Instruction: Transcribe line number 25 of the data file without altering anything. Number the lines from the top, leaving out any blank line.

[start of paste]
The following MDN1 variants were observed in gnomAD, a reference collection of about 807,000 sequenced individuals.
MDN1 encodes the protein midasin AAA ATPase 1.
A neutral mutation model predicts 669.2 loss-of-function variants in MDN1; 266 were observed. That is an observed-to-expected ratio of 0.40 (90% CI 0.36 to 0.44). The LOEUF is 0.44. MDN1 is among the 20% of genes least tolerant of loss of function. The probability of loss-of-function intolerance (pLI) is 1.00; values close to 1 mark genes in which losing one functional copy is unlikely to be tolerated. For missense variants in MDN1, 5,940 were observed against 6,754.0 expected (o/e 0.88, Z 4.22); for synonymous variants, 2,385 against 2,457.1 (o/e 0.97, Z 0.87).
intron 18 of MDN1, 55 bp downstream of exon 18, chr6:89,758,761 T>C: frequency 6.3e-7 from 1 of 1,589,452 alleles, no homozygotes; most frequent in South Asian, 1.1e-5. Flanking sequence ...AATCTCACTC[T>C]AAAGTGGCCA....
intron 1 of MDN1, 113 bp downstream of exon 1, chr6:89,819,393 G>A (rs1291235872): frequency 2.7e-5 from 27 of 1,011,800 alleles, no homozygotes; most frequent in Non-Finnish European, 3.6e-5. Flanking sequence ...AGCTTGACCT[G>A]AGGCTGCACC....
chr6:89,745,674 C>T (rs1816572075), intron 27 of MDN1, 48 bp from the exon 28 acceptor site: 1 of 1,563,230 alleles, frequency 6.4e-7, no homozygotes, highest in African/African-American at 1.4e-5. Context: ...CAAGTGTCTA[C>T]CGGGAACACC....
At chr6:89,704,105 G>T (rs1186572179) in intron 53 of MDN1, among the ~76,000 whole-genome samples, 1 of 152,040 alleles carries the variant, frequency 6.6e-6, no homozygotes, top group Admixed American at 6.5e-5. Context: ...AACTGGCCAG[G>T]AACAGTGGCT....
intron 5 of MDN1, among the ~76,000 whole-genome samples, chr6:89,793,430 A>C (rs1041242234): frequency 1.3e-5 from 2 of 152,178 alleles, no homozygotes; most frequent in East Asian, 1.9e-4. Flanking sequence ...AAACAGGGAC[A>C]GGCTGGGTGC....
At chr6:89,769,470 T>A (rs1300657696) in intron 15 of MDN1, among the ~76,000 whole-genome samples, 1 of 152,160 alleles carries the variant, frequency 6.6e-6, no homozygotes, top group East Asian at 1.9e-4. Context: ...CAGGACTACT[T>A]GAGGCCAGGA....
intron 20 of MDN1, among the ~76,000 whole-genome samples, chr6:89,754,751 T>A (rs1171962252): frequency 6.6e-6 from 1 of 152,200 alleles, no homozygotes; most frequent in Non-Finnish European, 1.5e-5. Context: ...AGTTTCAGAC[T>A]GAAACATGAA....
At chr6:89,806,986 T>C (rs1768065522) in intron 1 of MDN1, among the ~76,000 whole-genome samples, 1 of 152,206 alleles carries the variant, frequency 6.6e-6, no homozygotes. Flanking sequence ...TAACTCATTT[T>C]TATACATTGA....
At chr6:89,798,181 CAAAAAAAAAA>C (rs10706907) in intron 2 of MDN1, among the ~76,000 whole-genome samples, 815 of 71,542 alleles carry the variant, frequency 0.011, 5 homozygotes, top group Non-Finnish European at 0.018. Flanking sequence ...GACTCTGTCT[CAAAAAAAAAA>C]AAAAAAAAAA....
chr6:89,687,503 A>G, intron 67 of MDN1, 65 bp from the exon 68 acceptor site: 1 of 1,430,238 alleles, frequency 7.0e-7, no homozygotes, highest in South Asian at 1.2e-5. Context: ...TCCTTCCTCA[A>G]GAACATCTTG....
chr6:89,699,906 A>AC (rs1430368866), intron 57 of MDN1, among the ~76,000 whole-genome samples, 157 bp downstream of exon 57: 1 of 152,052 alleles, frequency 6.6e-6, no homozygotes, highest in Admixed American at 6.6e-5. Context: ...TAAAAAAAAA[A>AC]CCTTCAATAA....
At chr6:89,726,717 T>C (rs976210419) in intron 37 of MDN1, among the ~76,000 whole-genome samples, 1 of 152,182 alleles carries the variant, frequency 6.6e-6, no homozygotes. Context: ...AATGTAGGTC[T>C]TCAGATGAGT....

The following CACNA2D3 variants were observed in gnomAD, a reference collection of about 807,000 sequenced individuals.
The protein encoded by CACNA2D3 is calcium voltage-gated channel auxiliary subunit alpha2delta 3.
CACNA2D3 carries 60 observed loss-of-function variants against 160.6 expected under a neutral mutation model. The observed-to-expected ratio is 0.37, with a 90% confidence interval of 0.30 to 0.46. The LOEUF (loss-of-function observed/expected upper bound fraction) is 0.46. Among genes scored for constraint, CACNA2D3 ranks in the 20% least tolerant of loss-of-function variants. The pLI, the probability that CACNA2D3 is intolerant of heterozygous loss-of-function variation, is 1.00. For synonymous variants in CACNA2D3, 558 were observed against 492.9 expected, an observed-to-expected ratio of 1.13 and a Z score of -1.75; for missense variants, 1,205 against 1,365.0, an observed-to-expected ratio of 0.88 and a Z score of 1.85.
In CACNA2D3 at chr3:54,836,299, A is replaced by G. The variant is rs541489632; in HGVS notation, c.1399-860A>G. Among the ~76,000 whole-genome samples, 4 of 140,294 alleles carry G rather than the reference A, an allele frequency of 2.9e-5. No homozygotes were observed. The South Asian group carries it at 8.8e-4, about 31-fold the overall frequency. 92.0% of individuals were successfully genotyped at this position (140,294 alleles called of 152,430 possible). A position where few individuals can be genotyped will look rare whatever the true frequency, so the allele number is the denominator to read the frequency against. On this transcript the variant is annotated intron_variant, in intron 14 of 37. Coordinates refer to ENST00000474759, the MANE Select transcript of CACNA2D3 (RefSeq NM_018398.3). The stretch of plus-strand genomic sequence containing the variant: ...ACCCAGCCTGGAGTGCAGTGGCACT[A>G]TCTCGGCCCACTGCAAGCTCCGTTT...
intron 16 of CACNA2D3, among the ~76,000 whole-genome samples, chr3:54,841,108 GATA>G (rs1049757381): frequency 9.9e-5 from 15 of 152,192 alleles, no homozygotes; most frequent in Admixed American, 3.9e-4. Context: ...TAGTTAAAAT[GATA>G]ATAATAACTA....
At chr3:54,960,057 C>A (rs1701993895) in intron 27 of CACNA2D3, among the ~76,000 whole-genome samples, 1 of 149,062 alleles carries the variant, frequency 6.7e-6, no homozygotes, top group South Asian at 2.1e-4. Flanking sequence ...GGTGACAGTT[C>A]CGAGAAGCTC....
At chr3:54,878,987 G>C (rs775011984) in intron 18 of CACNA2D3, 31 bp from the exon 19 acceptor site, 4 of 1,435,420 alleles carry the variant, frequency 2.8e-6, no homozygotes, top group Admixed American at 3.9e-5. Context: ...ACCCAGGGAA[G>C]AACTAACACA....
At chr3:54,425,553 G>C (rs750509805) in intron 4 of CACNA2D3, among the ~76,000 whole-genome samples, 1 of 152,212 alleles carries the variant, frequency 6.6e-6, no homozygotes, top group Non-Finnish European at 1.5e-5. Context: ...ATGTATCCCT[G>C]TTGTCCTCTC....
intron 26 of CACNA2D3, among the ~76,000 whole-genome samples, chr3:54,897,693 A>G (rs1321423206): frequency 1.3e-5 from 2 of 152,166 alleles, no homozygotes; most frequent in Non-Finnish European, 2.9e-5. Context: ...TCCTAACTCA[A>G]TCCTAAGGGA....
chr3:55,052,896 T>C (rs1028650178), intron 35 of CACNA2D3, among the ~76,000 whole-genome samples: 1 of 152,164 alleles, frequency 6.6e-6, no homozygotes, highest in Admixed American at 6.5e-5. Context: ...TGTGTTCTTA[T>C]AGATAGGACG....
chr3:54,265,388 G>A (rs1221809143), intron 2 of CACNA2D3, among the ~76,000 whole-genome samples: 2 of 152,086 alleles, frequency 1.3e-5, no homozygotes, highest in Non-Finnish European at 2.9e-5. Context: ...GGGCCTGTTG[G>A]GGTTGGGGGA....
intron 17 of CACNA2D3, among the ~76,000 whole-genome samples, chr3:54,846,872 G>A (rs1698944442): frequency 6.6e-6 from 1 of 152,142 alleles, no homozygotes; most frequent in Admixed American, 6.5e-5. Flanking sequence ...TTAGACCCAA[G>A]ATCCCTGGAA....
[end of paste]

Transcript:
chr3:55,052,896 T>C (rs1028650178), intron 35 of CACNA2D3, among the ~76,000 whole-genome samples: 1 of 152,164 alleles, frequency 6.6e-6, no homozygotes, highest in Admixed American at 6.5e-5. Context: ...TGTGTTCTTA[T>C]AGATAGGACG....